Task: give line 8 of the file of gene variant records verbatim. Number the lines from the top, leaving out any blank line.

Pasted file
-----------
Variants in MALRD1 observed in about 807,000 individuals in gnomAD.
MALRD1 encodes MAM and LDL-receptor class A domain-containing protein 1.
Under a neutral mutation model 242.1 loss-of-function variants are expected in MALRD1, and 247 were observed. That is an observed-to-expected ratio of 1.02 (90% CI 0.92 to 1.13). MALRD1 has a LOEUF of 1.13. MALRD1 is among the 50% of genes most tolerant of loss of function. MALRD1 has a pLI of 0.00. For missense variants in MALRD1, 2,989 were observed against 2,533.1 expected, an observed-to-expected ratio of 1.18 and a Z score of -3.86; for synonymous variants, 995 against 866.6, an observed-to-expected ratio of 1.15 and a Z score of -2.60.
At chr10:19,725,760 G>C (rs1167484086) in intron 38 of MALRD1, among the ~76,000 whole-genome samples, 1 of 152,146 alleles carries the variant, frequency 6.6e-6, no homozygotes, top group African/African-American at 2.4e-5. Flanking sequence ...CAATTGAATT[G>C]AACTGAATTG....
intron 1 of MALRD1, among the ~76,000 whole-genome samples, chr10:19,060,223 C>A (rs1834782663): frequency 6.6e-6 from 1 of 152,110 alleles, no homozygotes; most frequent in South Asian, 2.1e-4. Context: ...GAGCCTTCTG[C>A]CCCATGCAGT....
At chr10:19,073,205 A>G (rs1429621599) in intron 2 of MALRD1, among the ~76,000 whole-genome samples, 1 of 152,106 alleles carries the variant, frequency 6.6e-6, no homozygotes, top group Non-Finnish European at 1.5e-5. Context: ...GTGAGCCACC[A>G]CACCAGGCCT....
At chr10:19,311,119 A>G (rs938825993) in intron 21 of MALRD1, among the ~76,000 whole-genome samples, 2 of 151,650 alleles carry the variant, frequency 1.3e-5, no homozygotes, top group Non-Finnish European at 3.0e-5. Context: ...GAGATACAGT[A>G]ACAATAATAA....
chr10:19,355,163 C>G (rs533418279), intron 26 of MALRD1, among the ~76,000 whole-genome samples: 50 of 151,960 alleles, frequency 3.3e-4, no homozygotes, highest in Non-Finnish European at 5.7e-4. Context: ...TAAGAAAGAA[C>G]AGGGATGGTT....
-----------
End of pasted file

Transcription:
chr10:19,355,163 C>G (rs533418279), intron 26 of MALRD1, among the ~76,000 whole-genome samples: 50 of 151,960 alleles, frequency 3.3e-4, no homozygotes, highest in Non-Finnish European at 5.7e-4. Context: ...TAAGAAAGAA[C>G]AGGGATGGTT....